home game; plus obvious reasons why ordering anything vaguely off-piste
from the limited menu would be fraught, means we may need to find an alternative
venue next year. I blame the Coalition Government, personally.
Susan McEwen’s first afternoon display was of the Singapore postage
rates from 1955-60. Also a frame of the MPOs of Singapore and Malaya with
Photos of MPOs, taken by Derek Clayton. Then a range of photos, from a
collection obviously formed in the early days of BMA, showing Singapore
and Johore and 1 with Japanese PoWs at work.
Dominic Morris (idle hound) showed a short miscellany of recently acquired
material whose only theme was that he had got round to mounting them up
the previous week. The display did however include the full set of the
UPU specimen triplets of the Sultan Iskandar side-face set; and one item
that caused mirth: a Magness cover which, unusually, was not philatelic-
sent commercially to Cleveland to find it was to an address that got the
‘Inconnu- gone away’ boxed cachet and a Rebuts and the ‘long-finger’
mark that the USA Mails specialised in at the time.
Martin Roper showed BMA in Negri , early postmarks, M/s cancels and ‘John
Bull’ printing set date stamps and FMS cancels. A comprehensive
range from a difficult state.
Len Stanway instructed all of us with a round of airmails, covering early
developments and routes and timetables. This showed very elegantly the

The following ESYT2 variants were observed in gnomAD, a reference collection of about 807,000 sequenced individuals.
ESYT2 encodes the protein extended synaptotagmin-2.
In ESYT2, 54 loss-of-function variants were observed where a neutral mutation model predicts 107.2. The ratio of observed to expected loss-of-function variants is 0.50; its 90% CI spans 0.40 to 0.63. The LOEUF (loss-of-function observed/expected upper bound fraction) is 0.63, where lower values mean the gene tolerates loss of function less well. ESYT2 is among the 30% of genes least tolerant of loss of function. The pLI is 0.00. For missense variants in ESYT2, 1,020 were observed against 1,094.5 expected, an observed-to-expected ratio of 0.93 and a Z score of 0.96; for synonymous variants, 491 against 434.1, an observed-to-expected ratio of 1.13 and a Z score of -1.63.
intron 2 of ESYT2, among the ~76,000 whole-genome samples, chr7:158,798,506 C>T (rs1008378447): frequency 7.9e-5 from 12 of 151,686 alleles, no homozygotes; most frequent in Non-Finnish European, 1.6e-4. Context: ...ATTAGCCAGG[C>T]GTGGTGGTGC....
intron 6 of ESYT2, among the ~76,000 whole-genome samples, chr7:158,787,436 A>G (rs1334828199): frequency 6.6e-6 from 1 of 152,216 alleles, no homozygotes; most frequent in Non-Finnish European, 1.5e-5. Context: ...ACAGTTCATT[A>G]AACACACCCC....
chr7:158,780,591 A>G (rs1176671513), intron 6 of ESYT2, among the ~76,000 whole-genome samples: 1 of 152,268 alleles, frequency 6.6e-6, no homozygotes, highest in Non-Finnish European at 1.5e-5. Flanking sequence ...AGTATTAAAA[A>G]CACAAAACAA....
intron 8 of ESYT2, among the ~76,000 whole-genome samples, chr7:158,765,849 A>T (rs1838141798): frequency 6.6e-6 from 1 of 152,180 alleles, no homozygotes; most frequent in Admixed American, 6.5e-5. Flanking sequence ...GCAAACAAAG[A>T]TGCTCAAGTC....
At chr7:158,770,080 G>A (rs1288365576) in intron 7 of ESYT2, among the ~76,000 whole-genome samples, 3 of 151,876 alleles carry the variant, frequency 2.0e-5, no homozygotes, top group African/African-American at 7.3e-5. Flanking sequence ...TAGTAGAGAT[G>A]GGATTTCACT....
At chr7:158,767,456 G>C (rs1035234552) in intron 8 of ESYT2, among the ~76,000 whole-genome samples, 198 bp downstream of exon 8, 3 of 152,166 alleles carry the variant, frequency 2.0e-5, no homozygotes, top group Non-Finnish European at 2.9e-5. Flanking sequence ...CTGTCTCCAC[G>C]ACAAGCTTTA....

extension of airmail from the rail/ sea/ air mode of the early days to
penetration to Karachi, Calcutta, Straits and finally to Australia. A
must for airmail buffs. I do hope Len writes this up more fully for the
Newsletter: there was a wealth of information in his display.
Andrew Norris showed us a display of the HMS Waterwitch, postcards and
mail. The Waterwitch was sold to the Royal Navy in about 1893 and became
a weather vessel on the China Seas beat. It was rammed in Singapore harbour
and sunk in 1912, by the Governor’s steam yacht. The board of enquiry
exonerated the Waterwitch crew, they were moored at the time.
The final round was shared between Susan McEwen and Andrew Norris. Susan
showed the 1948-65 Malacca postmarks from the comprehensive Shirley Cannicott
collection; Andrew showed Negri postmarks from the violet and the black
bar 1880s to 1952. Again, these could benefit from a fuller write-up.
As ever, we repaired for dinner to the excellent Imperial China where
we joined by spouses (spice?- which is the right plural, both probably?)
to make for a very agreeable dinner where conversation moved from philately
to the human condition, weddings, children and grandchildren.
We are back on cycle: your correspondent returned home to Proms in the
Park and then the finals of Elgar’s Pomp and Circumstance, Jerusalem,
Rule Britannia and Auld Land Syne. Another lovely Worthing.
1663 Len Stanway received his NAPEX medal for TMP from the Chairman.
1664a a study in concentration
1665a a caption competition?
1667a frames of Airmails
1668a more frames of Airmails
1669a HMS Waterwitch. The connection between Lily Langtry, the Governor
of Singapore and Malayan Philately is HMS Waterwitch.